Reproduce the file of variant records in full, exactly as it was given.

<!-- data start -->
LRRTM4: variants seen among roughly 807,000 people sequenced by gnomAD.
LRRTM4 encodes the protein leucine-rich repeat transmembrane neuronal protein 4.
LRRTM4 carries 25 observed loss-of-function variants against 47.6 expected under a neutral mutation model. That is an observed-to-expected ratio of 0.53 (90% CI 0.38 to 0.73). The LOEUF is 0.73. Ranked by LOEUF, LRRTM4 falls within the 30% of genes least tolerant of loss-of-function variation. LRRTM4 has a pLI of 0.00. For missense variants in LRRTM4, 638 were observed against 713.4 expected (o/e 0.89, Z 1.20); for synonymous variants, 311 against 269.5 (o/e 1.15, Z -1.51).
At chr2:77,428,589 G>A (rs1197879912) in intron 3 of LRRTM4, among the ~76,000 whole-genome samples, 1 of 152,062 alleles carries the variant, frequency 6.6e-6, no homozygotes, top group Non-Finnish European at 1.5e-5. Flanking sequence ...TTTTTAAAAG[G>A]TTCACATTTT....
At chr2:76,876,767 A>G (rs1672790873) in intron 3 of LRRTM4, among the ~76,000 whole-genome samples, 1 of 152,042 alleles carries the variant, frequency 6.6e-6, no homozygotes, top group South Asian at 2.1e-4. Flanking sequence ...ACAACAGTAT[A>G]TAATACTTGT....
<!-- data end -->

LRRTM4: variants seen among roughly 807,000 people sequenced by gnomAD.
LRRTM4 encodes the protein leucine-rich repeat transmembrane neuronal protein 4.
LRRTM4 carries 25 observed loss-of-function variants against 47.6 expected under a neutral mutation model. That is an observed-to-expected ratio of 0.53 (90% CI 0.38 to 0.73). The LOEUF is 0.73. Ranked by LOEUF, LRRTM4 falls within the 30% of genes least tolerant of loss-of-function variation. LRRTM4 has a pLI of 0.00. For missense variants in LRRTM4, 638 were observed against 713.4 expected (o/e 0.89, Z 1.20); for synonymous variants, 311 against 269.5 (o/e 1.15, Z -1.51).
At chr2:77,428,589 G>A (rs1197879912) in intron 3 of LRRTM4, among the ~76,000 whole-genome samples, 1 of 152,062 alleles carries the variant, frequency 6.6e-6, no homozygotes, top group Non-Finnish European at 1.5e-5. Flanking sequence ...TTTTTAAAAG[G>A]TTCACATTTT....
At chr2:76,876,767 A>G (rs1672790873) in intron 3 of LRRTM4, among the ~76,000 whole-genome samples, 1 of 152,042 alleles carries the variant, frequency 6.6e-6, no homozygotes, top group South Asian at 2.1e-4. Flanking sequence ...ACAACAGTAT[A>G]TAATACTTGT....